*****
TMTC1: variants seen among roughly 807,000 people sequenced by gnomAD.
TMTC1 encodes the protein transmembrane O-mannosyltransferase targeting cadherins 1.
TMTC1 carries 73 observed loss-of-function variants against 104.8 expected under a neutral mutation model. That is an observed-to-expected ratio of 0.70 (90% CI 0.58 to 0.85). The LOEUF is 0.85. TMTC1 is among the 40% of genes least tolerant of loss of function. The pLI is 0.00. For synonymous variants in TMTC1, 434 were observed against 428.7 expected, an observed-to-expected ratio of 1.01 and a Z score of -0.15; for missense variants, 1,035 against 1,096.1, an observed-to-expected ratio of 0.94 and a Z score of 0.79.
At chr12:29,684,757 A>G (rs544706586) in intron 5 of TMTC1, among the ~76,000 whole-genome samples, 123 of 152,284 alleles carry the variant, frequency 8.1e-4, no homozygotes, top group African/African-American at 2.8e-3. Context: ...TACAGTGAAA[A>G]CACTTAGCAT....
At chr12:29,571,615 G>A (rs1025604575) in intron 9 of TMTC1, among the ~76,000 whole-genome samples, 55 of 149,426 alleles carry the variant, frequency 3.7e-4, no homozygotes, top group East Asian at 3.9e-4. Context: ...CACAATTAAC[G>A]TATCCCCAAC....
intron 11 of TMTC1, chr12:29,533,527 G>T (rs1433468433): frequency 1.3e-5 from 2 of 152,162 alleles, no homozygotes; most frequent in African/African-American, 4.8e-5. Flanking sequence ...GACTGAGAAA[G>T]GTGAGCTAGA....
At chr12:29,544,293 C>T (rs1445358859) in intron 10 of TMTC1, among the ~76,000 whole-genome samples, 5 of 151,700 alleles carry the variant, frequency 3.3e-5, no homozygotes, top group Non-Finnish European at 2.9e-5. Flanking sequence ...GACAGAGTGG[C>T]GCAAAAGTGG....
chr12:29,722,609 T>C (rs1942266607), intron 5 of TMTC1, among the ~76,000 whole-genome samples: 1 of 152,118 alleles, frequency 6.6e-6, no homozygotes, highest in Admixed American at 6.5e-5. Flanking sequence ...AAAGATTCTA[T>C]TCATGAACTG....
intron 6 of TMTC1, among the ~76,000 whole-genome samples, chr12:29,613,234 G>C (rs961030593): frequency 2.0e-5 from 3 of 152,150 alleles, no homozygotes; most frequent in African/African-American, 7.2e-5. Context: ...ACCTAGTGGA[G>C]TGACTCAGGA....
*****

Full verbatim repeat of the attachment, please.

TMTC1: variants seen among roughly 807,000 people sequenced by gnomAD.
TMTC1 encodes the protein transmembrane O-mannosyltransferase targeting cadherins 1.
TMTC1 carries 73 observed loss-of-function variants against 104.8 expected under a neutral mutation model. That is an observed-to-expected ratio of 0.70 (90% CI 0.58 to 0.85). The LOEUF is 0.85. TMTC1 is among the 40% of genes least tolerant of loss of function. The pLI is 0.00. For synonymous variants in TMTC1, 434 were observed against 428.7 expected, an observed-to-expected ratio of 1.01 and a Z score of -0.15; for missense variants, 1,035 against 1,096.1, an observed-to-expected ratio of 0.94 and a Z score of 0.79.
At chr12:29,684,757 A>G (rs544706586) in intron 5 of TMTC1, among the ~76,000 whole-genome samples, 123 of 152,284 alleles carry the variant, frequency 8.1e-4, no homozygotes, top group African/African-American at 2.8e-3. Context: ...TACAGTGAAA[A>G]CACTTAGCAT....
At chr12:29,571,615 G>A (rs1025604575) in intron 9 of TMTC1, among the ~76,000 whole-genome samples, 55 of 149,426 alleles carry the variant, frequency 3.7e-4, no homozygotes, top group East Asian at 3.9e-4. Context: ...CACAATTAAC[G>A]TATCCCCAAC....
intron 11 of TMTC1, chr12:29,533,527 G>T (rs1433468433): frequency 1.3e-5 from 2 of 152,162 alleles, no homozygotes; most frequent in African/African-American, 4.8e-5. Flanking sequence ...GACTGAGAAA[G>T]GTGAGCTAGA....
At chr12:29,544,293 C>T (rs1445358859) in intron 10 of TMTC1, among the ~76,000 whole-genome samples, 5 of 151,700 alleles carry the variant, frequency 3.3e-5, no homozygotes, top group Non-Finnish European at 2.9e-5. Flanking sequence ...GACAGAGTGG[C>T]GCAAAAGTGG....
chr12:29,722,609 T>C (rs1942266607), intron 5 of TMTC1, among the ~76,000 whole-genome samples: 1 of 152,118 alleles, frequency 6.6e-6, no homozygotes, highest in Admixed American at 6.5e-5. Flanking sequence ...AAAGATTCTA[T>C]TCATGAACTG....
intron 6 of TMTC1, among the ~76,000 whole-genome samples, chr12:29,613,234 G>C (rs961030593): frequency 2.0e-5 from 3 of 152,150 alleles, no homozygotes; most frequent in African/African-American, 7.2e-5. Context: ...ACCTAGTGGA[G>C]TGACTCAGGA....